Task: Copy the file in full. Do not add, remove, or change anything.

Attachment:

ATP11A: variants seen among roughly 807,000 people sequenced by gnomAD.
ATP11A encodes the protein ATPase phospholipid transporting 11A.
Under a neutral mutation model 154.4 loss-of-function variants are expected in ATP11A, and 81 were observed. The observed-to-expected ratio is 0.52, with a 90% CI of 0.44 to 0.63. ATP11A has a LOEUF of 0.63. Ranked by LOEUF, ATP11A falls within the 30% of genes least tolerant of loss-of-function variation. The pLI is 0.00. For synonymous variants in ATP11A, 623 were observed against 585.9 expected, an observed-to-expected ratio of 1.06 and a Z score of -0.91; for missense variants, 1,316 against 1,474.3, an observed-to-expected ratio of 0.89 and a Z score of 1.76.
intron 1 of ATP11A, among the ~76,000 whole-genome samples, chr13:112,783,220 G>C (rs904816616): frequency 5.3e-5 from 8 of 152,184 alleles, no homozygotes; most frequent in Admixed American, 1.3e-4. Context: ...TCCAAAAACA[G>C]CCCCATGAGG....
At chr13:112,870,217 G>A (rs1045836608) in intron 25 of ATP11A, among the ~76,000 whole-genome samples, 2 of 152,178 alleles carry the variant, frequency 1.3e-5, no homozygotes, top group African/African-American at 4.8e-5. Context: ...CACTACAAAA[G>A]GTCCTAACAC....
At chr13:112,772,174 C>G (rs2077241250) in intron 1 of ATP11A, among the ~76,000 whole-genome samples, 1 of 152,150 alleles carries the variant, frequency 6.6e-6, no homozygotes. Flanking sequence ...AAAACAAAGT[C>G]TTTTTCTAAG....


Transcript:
ATP11A: variants seen among roughly 807,000 people sequenced by gnomAD.
ATP11A encodes the protein ATPase phospholipid transporting 11A.
Under a neutral mutation model 154.4 loss-of-function variants are expected in ATP11A, and 81 were observed. The observed-to-expected ratio is 0.52, with a 90% CI of 0.44 to 0.63. ATP11A has a LOEUF of 0.63. Ranked by LOEUF, ATP11A falls within the 30% of genes least tolerant of loss-of-function variation. The pLI is 0.00. For synonymous variants in ATP11A, 623 were observed against 585.9 expected, an observed-to-expected ratio of 1.06 and a Z score of -0.91; for missense variants, 1,316 against 1,474.3, an observed-to-expected ratio of 0.89 and a Z score of 1.76.
intron 1 of ATP11A, among the ~76,000 whole-genome samples, chr13:112,783,220 G>C (rs904816616): frequency 5.3e-5 from 8 of 152,184 alleles, no homozygotes; most frequent in Admixed American, 1.3e-4. Context: ...TCCAAAAACA[G>C]CCCCATGAGG....
At chr13:112,870,217 G>A (rs1045836608) in intron 25 of ATP11A, among the ~76,000 whole-genome samples, 2 of 152,178 alleles carry the variant, frequency 1.3e-5, no homozygotes, top group African/African-American at 4.8e-5. Context: ...CACTACAAAA[G>A]GTCCTAACAC....
At chr13:112,772,174 C>G (rs2077241250) in intron 1 of ATP11A, among the ~76,000 whole-genome samples, 1 of 152,150 alleles carries the variant, frequency 6.6e-6, no homozygotes. Flanking sequence ...AAAACAAAGT[C>G]TTTTTCTAAG....